In Memoriam

As a student, it was easy to forget that my professors were also human beings; naturally, they all had faults, quirks, and idiosyncrasies like anyone else I knew. For the most part, I never knew those individuals beyond the classroom. And that’s a regret, because I had many fine teachers. Luckily, one of the few I did get to know was Kit Wesler. Kit was an archaeology professor at Murray State University and the former Director of Wickliffe Mounds, before it was transferred into the State Park System. He was also an excellent researcher and scientist and universally respected among the archaeology community for his methods, which were nearly always beyond reproach. He was not a grandstander; he didn’t trumpet himself.

 

But Kit was also a friend, and when I think about my own life’s meanders, it’s not Kit’s research or methods that have contributed to my journey, but his friendship and guidance. Since Kit passed away in early 2016, many have spoken on his notable scientific contributions. But, 25 years from now, I won’t remember much about what Kit said regarding Wickliffe Mounds. What I will be able to tell you, however, in perfect detail, is this:

 

Our conversations were punctuated by long silence as often as they were with words. You see, neither of us was particularly socially adept. We never said the right thing; we weren’t casual in our speech. So, we’d think together, more often than not. In spring, as our minds wandered, you could hear the birds chirping and feel the breeze from Kit’s cracked window. And every once in a while, one of us would speak. The conversation would drift in the breeze, then fade, slowly. A few minutes later—another point of conversation, and then that too would taper as the wind died down. I was never rushed. Kit always had time, and Kit liked to take time. His office was a reprieve from the normal hustle and bustle of college. It smelled of dirt and books. It was a truly lovely place.

 

When most were pushing me toward further postgraduate specialization of some sort or other, Kit was one of the very few who saw my diverse background and scattered interests as a positive, not a liability. He never pushed me to become an archaeologist, he never prodded me to focus. I think now that he was looking at that spider web connecting the sciences and humanities and saw potential for me somewhere within that web, neither here nor there. I was studying watershed ecology, archaeology, and creative writing, simultaneously, at the time. Most probably considered me a lost cause. But somehow, I’ve ended up right where I need to be: between archaeologists, environmental scientists, federal policy-makers, and ecologists, trying to provide the structures and narratives for positive change, however modestly incremental. In retrospect, Kit was probably one of the few who saw that place for me 15 years ago.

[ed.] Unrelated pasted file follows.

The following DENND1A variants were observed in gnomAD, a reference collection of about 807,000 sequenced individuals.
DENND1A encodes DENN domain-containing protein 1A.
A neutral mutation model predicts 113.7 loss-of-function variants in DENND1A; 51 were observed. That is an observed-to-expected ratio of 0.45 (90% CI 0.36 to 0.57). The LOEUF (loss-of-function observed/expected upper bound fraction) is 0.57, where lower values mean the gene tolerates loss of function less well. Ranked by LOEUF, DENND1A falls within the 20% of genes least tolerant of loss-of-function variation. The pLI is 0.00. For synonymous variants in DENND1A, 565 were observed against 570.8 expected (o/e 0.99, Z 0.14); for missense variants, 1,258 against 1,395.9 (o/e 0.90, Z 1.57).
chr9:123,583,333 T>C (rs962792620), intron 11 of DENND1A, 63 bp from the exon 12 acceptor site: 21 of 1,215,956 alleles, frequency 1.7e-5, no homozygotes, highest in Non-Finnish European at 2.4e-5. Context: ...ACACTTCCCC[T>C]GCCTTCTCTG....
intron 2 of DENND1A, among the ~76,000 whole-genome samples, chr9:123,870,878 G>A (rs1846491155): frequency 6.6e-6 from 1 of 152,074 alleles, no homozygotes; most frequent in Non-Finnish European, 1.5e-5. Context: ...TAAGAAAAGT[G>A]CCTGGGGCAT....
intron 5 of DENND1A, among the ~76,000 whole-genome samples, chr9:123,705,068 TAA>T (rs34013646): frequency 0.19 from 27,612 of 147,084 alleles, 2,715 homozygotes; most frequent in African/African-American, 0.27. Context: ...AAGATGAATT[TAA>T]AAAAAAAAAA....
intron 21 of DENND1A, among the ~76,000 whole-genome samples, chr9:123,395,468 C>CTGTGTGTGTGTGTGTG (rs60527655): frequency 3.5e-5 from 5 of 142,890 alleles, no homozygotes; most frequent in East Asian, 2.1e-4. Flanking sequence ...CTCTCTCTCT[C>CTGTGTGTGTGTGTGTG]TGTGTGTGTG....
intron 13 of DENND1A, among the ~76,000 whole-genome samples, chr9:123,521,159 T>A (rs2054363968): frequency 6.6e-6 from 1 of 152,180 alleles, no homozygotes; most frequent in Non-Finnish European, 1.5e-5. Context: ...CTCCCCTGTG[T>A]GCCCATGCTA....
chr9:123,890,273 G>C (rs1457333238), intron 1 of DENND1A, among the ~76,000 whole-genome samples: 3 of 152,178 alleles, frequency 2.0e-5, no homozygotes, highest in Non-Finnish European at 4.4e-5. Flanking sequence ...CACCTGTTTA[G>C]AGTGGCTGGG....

The last time I talked to Kit, it was in his new lab within the sciences building at Murray State. The archaeology program there had received attention and subsequently been afforded an upgrade. Funny—Kit always despised campus politics. My reason for visiting, officially, was to discuss archaeological artifact databases. I was developing a new one for use on the Deepwater Horizon oil spill response at the time, and he had an excellent model to build from. In truth, though, I wanted to catch up more than anything. You couldn’t catch the breeze or hear the birds from Kit’s new offices, but he was happy, and he was excited about upcoming opportunities. We talked for hours. It was the last time I saw him.

 

Kit’s passing took me by surprise, and I regret that I never got to say goodbye. Nor did I ever properly say thank you. Two words which I mean wholeheartedly. Maybe these words, however clumsy, can serve that purpose. Kit was a true teacher, a mentor, and a friend. He was also a damned fine archaeologist. But when I think of him now—it’s not his research or field methods that come to mind. It’s those long, meandering conversations. It’s the breeze from the window. It’s the birds outside. It’s the smell of dirt and books. And, God, what a lovely smell that is.

 

Zachary Konkol works under contract with the Gulf Coast Ecosystem Restoration Council and is a 2003 graduate of Murray State University.